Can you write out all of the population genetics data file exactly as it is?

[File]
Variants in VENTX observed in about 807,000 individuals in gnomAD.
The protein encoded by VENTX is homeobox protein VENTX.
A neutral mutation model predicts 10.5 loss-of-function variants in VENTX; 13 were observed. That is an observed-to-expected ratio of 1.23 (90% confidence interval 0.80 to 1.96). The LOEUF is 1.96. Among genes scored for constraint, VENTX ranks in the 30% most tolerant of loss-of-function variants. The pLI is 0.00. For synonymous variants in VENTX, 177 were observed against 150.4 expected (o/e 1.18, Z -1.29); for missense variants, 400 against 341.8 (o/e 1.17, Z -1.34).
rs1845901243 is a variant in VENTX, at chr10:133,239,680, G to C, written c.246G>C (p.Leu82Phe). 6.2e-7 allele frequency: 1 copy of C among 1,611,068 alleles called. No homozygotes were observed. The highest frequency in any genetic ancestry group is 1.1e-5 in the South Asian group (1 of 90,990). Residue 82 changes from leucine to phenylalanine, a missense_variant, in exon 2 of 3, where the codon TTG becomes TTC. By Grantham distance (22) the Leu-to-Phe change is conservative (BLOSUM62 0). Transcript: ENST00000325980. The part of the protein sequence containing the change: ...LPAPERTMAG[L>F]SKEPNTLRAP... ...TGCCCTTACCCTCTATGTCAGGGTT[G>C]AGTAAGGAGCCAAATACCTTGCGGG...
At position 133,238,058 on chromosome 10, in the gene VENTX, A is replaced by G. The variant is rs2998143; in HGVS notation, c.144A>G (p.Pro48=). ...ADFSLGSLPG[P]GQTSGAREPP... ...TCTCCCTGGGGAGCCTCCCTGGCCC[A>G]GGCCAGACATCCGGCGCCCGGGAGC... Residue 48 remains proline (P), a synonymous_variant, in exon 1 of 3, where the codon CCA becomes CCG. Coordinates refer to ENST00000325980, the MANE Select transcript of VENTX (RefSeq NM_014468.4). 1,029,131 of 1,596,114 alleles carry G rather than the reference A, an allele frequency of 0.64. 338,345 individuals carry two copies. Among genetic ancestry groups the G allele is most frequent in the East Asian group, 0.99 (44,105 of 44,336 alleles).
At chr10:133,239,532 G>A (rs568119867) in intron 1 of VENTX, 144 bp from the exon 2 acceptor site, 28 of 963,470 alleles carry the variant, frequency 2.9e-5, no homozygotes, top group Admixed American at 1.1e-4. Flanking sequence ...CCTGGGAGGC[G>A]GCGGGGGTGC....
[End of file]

Variants in VENTX observed in about 807,000 individuals in gnomAD.
The protein encoded by VENTX is homeobox protein VENTX.
A neutral mutation model predicts 10.5 loss-of-function variants in VENTX; 13 were observed. That is an observed-to-expected ratio of 1.23 (90% confidence interval 0.80 to 1.96). The LOEUF is 1.96. Among genes scored for constraint, VENTX ranks in the 30% most tolerant of loss-of-function variants. The pLI is 0.00. For synonymous variants in VENTX, 177 were observed against 150.4 expected (o/e 1.18, Z -1.29); for missense variants, 400 against 341.8 (o/e 1.17, Z -1.34).
rs1845901243 is a variant in VENTX, at chr10:133,239,680, G to C, written c.246G>C (p.Leu82Phe). 6.2e-7 allele frequency: 1 copy of C among 1,611,068 alleles called. No homozygotes were observed. The highest frequency in any genetic ancestry group is 1.1e-5 in the South Asian group (1 of 90,990). Residue 82 changes from leucine to phenylalanine, a missense_variant, in exon 2 of 3, where the codon TTG becomes TTC. By Grantham distance (22) the Leu-to-Phe change is conservative (BLOSUM62 0). Transcript: ENST00000325980. The part of the protein sequence containing the change: ...LPAPERTMAG[L>F]SKEPNTLRAP... ...TGCCCTTACCCTCTATGTCAGGGTT[G>C]AGTAAGGAGCCAAATACCTTGCGGG...
At position 133,238,058 on chromosome 10, in the gene VENTX, A is replaced by G. The variant is rs2998143; in HGVS notation, c.144A>G (p.Pro48=). ...ADFSLGSLPG[P]GQTSGAREPP... ...TCTCCCTGGGGAGCCTCCCTGGCCC[A>G]GGCCAGACATCCGGCGCCCGGGAGC... Residue 48 remains proline (P), a synonymous_variant, in exon 1 of 3, where the codon CCA becomes CCG. Coordinates refer to ENST00000325980, the MANE Select transcript of VENTX (RefSeq NM_014468.4). 1,029,131 of 1,596,114 alleles carry G rather than the reference A, an allele frequency of 0.64. 338,345 individuals carry two copies. Among genetic ancestry groups the G allele is most frequent in the East Asian group, 0.99 (44,105 of 44,336 alleles).
At chr10:133,239,532 G>A (rs568119867) in intron 1 of VENTX, 144 bp from the exon 2 acceptor site, 28 of 963,470 alleles carry the variant, frequency 2.9e-5, no homozygotes, top group Admixed American at 1.1e-4. Flanking sequence ...CCTGGGAGGC[G>A]GCGGGGGTGC....